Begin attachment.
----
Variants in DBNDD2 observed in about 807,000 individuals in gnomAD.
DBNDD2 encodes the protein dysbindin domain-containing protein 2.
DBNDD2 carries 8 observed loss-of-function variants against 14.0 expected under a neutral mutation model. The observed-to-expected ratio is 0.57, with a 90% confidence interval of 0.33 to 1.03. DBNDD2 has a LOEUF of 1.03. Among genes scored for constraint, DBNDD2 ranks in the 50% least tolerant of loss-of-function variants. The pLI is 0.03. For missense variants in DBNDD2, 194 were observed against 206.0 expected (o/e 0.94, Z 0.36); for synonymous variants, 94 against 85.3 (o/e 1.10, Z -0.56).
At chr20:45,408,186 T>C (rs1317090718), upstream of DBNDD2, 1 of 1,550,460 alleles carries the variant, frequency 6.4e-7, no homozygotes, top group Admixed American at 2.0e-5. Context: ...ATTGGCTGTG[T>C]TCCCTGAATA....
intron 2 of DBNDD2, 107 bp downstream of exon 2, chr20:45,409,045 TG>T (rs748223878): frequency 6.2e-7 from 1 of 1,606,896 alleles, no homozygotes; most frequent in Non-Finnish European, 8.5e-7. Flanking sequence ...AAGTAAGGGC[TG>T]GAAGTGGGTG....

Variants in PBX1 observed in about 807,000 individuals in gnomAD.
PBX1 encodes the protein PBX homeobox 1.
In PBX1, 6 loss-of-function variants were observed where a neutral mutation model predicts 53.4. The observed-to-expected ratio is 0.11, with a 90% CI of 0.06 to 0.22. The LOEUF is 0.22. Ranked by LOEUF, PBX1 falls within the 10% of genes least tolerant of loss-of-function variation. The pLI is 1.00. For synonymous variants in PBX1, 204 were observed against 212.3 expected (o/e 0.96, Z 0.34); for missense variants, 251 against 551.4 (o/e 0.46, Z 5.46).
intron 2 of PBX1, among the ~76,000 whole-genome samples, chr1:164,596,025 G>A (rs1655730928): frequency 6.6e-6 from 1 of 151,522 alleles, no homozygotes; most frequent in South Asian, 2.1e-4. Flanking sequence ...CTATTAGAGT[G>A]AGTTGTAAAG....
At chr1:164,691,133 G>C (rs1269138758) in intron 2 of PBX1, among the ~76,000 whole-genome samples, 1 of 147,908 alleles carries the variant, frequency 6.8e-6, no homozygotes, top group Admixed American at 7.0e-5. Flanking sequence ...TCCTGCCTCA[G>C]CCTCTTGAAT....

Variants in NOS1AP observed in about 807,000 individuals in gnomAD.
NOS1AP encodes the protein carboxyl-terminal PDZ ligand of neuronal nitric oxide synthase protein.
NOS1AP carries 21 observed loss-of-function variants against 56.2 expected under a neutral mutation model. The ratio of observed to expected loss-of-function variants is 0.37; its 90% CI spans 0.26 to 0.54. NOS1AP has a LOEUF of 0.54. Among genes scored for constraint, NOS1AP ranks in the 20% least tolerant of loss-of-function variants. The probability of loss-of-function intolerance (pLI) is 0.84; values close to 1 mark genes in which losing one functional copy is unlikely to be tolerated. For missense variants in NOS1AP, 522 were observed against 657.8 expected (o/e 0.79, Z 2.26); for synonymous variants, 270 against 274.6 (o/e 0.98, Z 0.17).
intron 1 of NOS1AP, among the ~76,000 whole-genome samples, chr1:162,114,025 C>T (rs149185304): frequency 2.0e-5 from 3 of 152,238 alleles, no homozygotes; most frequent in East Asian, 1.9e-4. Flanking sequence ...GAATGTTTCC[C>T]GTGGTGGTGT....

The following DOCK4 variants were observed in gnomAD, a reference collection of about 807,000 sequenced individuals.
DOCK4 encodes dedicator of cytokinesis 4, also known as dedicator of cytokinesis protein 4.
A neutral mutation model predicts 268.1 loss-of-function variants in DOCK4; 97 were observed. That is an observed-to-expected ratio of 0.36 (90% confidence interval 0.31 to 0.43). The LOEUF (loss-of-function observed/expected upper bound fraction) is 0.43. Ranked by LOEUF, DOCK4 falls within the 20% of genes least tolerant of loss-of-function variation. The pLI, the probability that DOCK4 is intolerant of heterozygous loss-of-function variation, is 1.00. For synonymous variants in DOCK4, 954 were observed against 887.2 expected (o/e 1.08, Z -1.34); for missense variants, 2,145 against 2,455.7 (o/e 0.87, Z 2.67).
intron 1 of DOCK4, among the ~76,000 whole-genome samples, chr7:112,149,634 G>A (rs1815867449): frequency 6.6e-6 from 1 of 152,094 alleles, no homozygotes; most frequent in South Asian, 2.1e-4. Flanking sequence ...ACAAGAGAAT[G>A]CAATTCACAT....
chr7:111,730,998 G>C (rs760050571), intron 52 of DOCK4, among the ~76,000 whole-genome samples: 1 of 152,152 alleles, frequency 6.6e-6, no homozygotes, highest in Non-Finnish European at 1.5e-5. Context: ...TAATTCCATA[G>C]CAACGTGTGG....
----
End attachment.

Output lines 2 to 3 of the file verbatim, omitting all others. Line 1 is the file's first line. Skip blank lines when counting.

DBNDD2 encodes the protein dysbindin domain-containing protein 2.
DBNDD2 carries 8 observed loss-of-function variants against 14.0 expected under a neutral mutation model. The observed-to-expected ratio is 0.57, with a 90% confidence interval of 0.33 to 1.03. DBNDD2 has a LOEUF of 1.03. Among genes scored for constraint, DBNDD2 ranks in the 50% least tolerant of loss-of-function variants. The pLI is 0.03. For missense variants in DBNDD2, 194 were observed against 206.0 expected (o/e 0.94, Z 0.36); for synonymous variants, 94 against 85.3 (o/e 1.10, Z -0.56).